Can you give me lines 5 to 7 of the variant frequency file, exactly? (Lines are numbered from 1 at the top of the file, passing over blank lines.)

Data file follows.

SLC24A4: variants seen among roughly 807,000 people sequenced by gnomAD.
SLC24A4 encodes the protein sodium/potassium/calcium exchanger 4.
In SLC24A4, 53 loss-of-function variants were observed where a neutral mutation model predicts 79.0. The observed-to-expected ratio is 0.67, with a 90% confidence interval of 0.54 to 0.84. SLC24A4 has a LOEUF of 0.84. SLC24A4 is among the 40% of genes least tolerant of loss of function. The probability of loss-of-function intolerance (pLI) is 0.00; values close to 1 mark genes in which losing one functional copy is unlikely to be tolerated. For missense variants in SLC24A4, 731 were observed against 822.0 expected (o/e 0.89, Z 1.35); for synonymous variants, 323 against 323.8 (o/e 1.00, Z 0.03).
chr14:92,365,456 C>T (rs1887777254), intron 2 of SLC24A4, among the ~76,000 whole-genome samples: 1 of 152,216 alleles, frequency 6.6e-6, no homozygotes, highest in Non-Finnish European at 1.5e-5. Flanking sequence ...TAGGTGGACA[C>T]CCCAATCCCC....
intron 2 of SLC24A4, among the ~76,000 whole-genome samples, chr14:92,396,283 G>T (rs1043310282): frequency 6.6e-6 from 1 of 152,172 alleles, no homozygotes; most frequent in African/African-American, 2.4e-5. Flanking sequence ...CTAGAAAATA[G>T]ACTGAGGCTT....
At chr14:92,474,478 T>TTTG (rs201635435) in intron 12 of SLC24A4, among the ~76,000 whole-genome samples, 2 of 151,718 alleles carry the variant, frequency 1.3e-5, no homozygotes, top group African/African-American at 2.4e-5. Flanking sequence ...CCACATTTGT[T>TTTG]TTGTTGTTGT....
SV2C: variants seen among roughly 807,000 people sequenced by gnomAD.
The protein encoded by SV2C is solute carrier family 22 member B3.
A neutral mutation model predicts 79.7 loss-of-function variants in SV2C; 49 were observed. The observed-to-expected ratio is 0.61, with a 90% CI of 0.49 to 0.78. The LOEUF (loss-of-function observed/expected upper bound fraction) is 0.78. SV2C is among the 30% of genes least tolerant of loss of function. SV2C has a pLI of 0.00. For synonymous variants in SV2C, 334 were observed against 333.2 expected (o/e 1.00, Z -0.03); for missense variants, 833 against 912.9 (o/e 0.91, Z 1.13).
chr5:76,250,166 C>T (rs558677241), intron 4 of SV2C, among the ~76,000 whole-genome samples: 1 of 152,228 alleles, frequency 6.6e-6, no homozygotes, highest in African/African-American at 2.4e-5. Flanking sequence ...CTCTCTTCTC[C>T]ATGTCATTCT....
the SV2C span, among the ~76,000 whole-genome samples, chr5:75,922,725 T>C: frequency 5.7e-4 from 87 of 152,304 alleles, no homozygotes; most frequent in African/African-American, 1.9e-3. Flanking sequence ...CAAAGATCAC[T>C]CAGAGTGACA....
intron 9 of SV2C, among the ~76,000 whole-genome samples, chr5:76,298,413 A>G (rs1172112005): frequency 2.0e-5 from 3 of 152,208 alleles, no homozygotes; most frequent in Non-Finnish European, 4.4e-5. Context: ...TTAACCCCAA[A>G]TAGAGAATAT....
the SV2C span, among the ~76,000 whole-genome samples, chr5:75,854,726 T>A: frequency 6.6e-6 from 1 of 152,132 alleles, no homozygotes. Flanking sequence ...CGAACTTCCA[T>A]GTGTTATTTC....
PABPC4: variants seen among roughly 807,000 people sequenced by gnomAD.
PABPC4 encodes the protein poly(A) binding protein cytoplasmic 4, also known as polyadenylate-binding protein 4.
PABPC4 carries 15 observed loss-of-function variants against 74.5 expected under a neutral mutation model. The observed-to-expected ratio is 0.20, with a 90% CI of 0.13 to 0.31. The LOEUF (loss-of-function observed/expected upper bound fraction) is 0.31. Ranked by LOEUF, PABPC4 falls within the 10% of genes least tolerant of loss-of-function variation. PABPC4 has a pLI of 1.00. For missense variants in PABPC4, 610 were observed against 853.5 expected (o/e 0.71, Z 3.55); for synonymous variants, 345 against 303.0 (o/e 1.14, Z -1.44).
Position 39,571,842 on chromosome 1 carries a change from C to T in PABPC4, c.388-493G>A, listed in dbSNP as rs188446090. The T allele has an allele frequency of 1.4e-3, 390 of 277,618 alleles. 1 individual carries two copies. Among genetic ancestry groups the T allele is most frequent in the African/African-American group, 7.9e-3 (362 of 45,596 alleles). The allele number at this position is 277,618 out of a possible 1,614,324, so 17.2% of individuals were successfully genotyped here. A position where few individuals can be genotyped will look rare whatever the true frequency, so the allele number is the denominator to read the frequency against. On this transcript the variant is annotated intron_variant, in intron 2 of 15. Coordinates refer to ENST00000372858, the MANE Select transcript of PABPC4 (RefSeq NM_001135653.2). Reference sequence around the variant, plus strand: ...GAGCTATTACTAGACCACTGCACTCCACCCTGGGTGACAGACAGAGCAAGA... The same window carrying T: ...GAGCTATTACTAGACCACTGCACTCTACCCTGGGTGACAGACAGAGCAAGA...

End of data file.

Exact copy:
intron 2 of SLC24A4, among the ~76,000 whole-genome samples, chr14:92,396,283 G>T (rs1043310282): frequency 6.6e-6 from 1 of 152,172 alleles, no homozygotes; most frequent in African/African-American, 2.4e-5. Flanking sequence ...CTAGAAAATA[G>T]ACTGAGGCTT....
At chr14:92,474,478 T>TTTG (rs201635435) in intron 12 of SLC24A4, among the ~76,000 whole-genome samples, 2 of 151,718 alleles carry the variant, frequency 1.3e-5, no homozygotes, top group African/African-American at 2.4e-5. Flanking sequence ...CCACATTTGT[T>TTTG]TTGTTGTTGT....
SV2C: variants seen among roughly 807,000 people sequenced by gnomAD.